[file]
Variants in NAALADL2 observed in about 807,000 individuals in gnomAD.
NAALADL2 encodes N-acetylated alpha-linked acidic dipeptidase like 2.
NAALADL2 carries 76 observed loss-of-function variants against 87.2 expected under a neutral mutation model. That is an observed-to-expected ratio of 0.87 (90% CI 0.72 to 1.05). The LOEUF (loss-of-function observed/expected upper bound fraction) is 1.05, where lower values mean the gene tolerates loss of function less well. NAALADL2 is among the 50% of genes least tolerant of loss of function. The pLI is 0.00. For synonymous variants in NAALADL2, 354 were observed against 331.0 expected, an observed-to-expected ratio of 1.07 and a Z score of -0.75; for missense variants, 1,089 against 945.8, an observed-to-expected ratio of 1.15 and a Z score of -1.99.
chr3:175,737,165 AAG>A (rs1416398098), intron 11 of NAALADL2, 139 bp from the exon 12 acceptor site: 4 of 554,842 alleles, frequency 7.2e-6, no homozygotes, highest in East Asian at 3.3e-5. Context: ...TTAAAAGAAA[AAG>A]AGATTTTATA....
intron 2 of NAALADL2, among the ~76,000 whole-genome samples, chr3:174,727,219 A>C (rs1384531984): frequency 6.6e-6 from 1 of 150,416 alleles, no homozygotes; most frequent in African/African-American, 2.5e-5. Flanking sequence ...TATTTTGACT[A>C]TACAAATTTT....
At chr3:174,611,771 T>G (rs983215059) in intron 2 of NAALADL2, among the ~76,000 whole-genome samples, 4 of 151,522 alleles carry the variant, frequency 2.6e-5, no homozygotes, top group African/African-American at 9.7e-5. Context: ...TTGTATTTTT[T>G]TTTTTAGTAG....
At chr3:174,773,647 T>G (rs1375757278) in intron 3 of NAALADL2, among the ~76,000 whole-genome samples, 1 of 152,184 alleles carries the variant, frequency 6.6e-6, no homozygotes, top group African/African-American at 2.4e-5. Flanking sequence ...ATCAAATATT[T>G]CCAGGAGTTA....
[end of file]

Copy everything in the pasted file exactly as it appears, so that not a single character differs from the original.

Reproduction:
Variants in NAALADL2 observed in about 807,000 individuals in gnomAD.
NAALADL2 encodes N-acetylated alpha-linked acidic dipeptidase like 2.
NAALADL2 carries 76 observed loss-of-function variants against 87.2 expected under a neutral mutation model. That is an observed-to-expected ratio of 0.87 (90% CI 0.72 to 1.05). The LOEUF (loss-of-function observed/expected upper bound fraction) is 1.05, where lower values mean the gene tolerates loss of function less well. NAALADL2 is among the 50% of genes least tolerant of loss of function. The pLI is 0.00. For synonymous variants in NAALADL2, 354 were observed against 331.0 expected, an observed-to-expected ratio of 1.07 and a Z score of -0.75; for missense variants, 1,089 against 945.8, an observed-to-expected ratio of 1.15 and a Z score of -1.99.
chr3:175,737,165 AAG>A (rs1416398098), intron 11 of NAALADL2, 139 bp from the exon 12 acceptor site: 4 of 554,842 alleles, frequency 7.2e-6, no homozygotes, highest in East Asian at 3.3e-5. Context: ...TTAAAAGAAA[AAG>A]AGATTTTATA....
intron 2 of NAALADL2, among the ~76,000 whole-genome samples, chr3:174,727,219 A>C (rs1384531984): frequency 6.6e-6 from 1 of 150,416 alleles, no homozygotes; most frequent in African/African-American, 2.5e-5. Flanking sequence ...TATTTTGACT[A>C]TACAAATTTT....
At chr3:174,611,771 T>G (rs983215059) in intron 2 of NAALADL2, among the ~76,000 whole-genome samples, 4 of 151,522 alleles carry the variant, frequency 2.6e-5, no homozygotes, top group African/African-American at 9.7e-5. Context: ...TTGTATTTTT[T>G]TTTTTAGTAG....
At chr3:174,773,647 T>G (rs1375757278) in intron 3 of NAALADL2, among the ~76,000 whole-genome samples, 1 of 152,184 alleles carries the variant, frequency 6.6e-6, no homozygotes, top group African/African-American at 2.4e-5. Flanking sequence ...ATCAAATATT[T>G]CCAGGAGTTA....